Spedie, I’m not a civil engineer — I’m an electrical engineer, but at the risk of putting my foot in my mouth, I’ll give my $0.02 anyway and practice civil engineering without a license. lol!

      There is always the chance a basement could fail in an earthquake (i.e., although when I say “fail”, I suspect cracking would be much more likely than caving in). More likely though, I think the biggest risk of having a basement would be having the upper floors of a brick or masonry building collapse into it.

      However, if it was a newer wood frame home, I would suspect the added risk of having a basement during an earthquake is minimal. In fact, my hunch is it would be riskier to have a multi-story wood-frame home with no basement than a single story wood-frame home with a basement (as long as the home was bolted to the foundation) — but that’s just my educated guess.

      You really should consult with a civil engineer to be sure though. :-)

  7. 13

    says

    Hey Len. I totally agree with you, in your situation earthquake insurance really isn’t worth the money. I think it’s difficult for many people to imagine a time where they need earthquake insurance. For a few, it might be worth the investment, but for most — I’d say pass on it. :)

  8. 14

    says

    I just renewed my homeowners insurance. I chronicled my process for an article I will publish next week (Monday). I went with an insurance company that insures earthquakes themselves vs. the state. BTW, I have a 10% deductible for earthquake coverage.

  9. 16

    says

    When I was a practicing advisor people would always ask about these types of policies. Then I’d ask them about disability and long term care insurance coverages (which people file claims against at a rapid rate) and they’d want nothing to do with it. We’ll make sure we have cat insurance but take risks with our biggest assets: our ability to earn an income and keep our nest egg protected. Truly frustrating.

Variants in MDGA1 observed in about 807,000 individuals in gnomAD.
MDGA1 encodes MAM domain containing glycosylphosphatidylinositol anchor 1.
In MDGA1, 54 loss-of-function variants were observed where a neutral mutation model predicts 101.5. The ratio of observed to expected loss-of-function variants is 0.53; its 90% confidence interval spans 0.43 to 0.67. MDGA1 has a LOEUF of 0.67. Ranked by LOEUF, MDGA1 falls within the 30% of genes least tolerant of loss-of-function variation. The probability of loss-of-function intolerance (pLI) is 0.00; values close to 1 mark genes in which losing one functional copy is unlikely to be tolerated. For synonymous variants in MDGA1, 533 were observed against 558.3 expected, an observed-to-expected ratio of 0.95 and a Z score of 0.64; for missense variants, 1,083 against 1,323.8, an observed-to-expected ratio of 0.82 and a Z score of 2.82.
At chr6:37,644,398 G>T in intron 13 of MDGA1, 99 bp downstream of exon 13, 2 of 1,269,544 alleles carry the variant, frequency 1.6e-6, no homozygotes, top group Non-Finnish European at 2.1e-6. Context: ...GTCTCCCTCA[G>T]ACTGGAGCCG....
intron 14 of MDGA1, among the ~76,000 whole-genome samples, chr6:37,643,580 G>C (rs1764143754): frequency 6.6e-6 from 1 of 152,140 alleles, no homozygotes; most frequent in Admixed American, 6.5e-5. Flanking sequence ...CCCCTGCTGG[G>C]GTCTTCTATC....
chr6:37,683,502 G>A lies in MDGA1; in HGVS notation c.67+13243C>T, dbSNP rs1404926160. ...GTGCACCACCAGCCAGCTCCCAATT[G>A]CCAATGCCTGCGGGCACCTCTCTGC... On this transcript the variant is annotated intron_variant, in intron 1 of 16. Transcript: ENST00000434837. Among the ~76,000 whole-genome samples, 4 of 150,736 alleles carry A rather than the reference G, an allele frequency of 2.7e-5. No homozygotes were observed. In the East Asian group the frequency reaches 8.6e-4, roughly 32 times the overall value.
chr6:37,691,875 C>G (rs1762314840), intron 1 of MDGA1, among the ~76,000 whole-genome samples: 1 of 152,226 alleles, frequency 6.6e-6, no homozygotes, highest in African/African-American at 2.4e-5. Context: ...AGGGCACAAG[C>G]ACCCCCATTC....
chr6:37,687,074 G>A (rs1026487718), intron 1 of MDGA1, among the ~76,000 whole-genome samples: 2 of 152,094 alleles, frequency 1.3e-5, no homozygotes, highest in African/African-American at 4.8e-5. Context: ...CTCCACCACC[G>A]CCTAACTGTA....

10. 17

    says

    As earthquakes is the frightening fact of life. This is very important to take it before any loss. This post is very much useful for me. But till now also I am not getting the difference between the earthquake insurance and the home insurance. Please help me in it so that I will also apply for that. Thanks.

  11. 18

    Josef says

    I live in Christchurch, New Zealand. We lost our house in the 7.1 and 6.4 major earthquakes nearly two years ago. We had total replacement insurance. It took us 18 months of haggling and fighting to get plans drawn up for a new dwelling. Land prices have sky rocketed, it cost us a lot more to buy a new section, since our old one was deemed not suitable any more by the Government. Hopefully we can start building next month. Here in Christchurch thousands of people are still in limbo regarding earthquake cover. Insurance companies are dodging their responsibilities everywhere. Nothing moves fast. Hurricane Katrina comes to mind.

  12. 19

    Rando Mperson says

    A couple considerations, the average amount of loss doesn’t tell you the risk of a total or near total loss. Homes nearer the epicenter will suffer far more damage than those on the periphery. The wider area of moderate damage will drag down the average. Second, the Northridge and Loma Prieta quakes are not the two largest in CA history and do not represent the top end of what’s predicted. The “big one” is predicted to result in $200 billion in damages compared to $20 billion in Northridge. In CA, the big one is not a matter of “if” but “when” and is considered overdue.

    Third, construction type and dwelling age are factored into the premium so in a sense your actual risk of damage is already factored into the premium and is theoretically neutral between different home types based on cost/risk.

    Lastly, EQ insurance is to protect your assets. If you have little or no equity in your home your exposure might boil down to the damage to your credit to walk away. If you have substantial equity, then that’s really what you need to protect.

  13. 20

    says

    Earth quake insurance are so high and i do not think that is a wise decision to make. Instead we should invest in building quality houses which will stand earth quakes

    • 21

      Len Penzo says

      Great point, Joshua. The best part of that statement is, a basic wood frame home that is bolted to the foundation is both earthquake resistant and extremely economical.

  14. 22

    says

    Earthquake insurance would be great in California, but I was literally quoted about $300-$400/month in premiums, and that just seems WAY too high. Unfortunately, the company even wanted me to insure our land, which does not make sense to me at all given that the land is not going to be destroyed (because unlike the movies, the ground beneath our house is not going to split open, chances are at least). Anyways, I tried to get them to insure just the renovation or replacement costs, but they wouldn’t so I didn’t buy any. Any suggestions?